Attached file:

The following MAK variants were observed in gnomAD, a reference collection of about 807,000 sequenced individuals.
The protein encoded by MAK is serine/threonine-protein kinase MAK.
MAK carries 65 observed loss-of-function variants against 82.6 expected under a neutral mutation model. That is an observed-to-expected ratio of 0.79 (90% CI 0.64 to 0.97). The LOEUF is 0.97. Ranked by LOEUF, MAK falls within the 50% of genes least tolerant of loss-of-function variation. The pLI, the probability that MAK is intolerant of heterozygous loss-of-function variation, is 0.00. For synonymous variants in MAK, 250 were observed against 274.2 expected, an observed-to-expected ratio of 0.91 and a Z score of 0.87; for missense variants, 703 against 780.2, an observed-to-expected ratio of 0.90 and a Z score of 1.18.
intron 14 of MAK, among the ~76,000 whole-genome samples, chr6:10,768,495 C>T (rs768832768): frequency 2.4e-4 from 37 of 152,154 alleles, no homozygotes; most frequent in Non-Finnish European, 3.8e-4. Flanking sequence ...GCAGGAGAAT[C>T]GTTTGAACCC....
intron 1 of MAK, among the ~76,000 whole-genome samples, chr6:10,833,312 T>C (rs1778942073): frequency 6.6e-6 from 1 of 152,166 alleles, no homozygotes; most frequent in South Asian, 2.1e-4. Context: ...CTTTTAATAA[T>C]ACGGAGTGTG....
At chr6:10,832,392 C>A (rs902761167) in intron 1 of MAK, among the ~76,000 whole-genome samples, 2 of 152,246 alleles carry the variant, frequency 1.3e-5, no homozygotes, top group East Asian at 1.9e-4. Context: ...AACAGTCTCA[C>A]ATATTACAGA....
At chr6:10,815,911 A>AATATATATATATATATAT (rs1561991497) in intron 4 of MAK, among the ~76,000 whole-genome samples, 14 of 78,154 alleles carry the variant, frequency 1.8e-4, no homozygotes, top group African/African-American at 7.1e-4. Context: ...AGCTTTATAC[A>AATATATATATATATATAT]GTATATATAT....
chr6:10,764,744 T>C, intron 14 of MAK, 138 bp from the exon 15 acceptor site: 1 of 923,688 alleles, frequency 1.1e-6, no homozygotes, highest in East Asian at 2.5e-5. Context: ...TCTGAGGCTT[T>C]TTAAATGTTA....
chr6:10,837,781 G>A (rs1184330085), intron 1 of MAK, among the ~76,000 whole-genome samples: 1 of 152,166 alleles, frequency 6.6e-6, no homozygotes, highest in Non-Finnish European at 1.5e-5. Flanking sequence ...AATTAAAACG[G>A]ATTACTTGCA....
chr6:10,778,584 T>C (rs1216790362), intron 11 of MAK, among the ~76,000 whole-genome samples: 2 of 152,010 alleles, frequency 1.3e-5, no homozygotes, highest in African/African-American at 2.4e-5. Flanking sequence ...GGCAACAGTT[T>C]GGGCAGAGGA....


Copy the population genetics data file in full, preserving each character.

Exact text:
The following MAK variants were observed in gnomAD, a reference collection of about 807,000 sequenced individuals.
The protein encoded by MAK is serine/threonine-protein kinase MAK.
MAK carries 65 observed loss-of-function variants against 82.6 expected under a neutral mutation model. That is an observed-to-expected ratio of 0.79 (90% CI 0.64 to 0.97). The LOEUF is 0.97. Ranked by LOEUF, MAK falls within the 50% of genes least tolerant of loss-of-function variation. The pLI, the probability that MAK is intolerant of heterozygous loss-of-function variation, is 0.00. For synonymous variants in MAK, 250 were observed against 274.2 expected, an observed-to-expected ratio of 0.91 and a Z score of 0.87; for missense variants, 703 against 780.2, an observed-to-expected ratio of 0.90 and a Z score of 1.18.
intron 14 of MAK, among the ~76,000 whole-genome samples, chr6:10,768,495 C>T (rs768832768): frequency 2.4e-4 from 37 of 152,154 alleles, no homozygotes; most frequent in Non-Finnish European, 3.8e-4. Flanking sequence ...GCAGGAGAAT[C>T]GTTTGAACCC....
intron 1 of MAK, among the ~76,000 whole-genome samples, chr6:10,833,312 T>C (rs1778942073): frequency 6.6e-6 from 1 of 152,166 alleles, no homozygotes; most frequent in South Asian, 2.1e-4. Context: ...CTTTTAATAA[T>C]ACGGAGTGTG....
At chr6:10,832,392 C>A (rs902761167) in intron 1 of MAK, among the ~76,000 whole-genome samples, 2 of 152,246 alleles carry the variant, frequency 1.3e-5, no homozygotes, top group East Asian at 1.9e-4. Context: ...AACAGTCTCA[C>A]ATATTACAGA....
At chr6:10,815,911 A>AATATATATATATATATAT (rs1561991497) in intron 4 of MAK, among the ~76,000 whole-genome samples, 14 of 78,154 alleles carry the variant, frequency 1.8e-4, no homozygotes, top group African/African-American at 7.1e-4. Context: ...AGCTTTATAC[A>AATATATATATATATATAT]GTATATATAT....
chr6:10,764,744 T>C, intron 14 of MAK, 138 bp from the exon 15 acceptor site: 1 of 923,688 alleles, frequency 1.1e-6, no homozygotes, highest in East Asian at 2.5e-5. Context: ...TCTGAGGCTT[T>C]TTAAATGTTA....
chr6:10,837,781 G>A (rs1184330085), intron 1 of MAK, among the ~76,000 whole-genome samples: 1 of 152,166 alleles, frequency 6.6e-6, no homozygotes, highest in Non-Finnish European at 1.5e-5. Flanking sequence ...AATTAAAACG[G>A]ATTACTTGCA....
chr6:10,778,584 T>C (rs1216790362), intron 11 of MAK, among the ~76,000 whole-genome samples: 2 of 152,010 alleles, frequency 1.3e-5, no homozygotes, highest in African/African-American at 2.4e-5. Flanking sequence ...GGCAACAGTT[T>C]GGGCAGAGGA....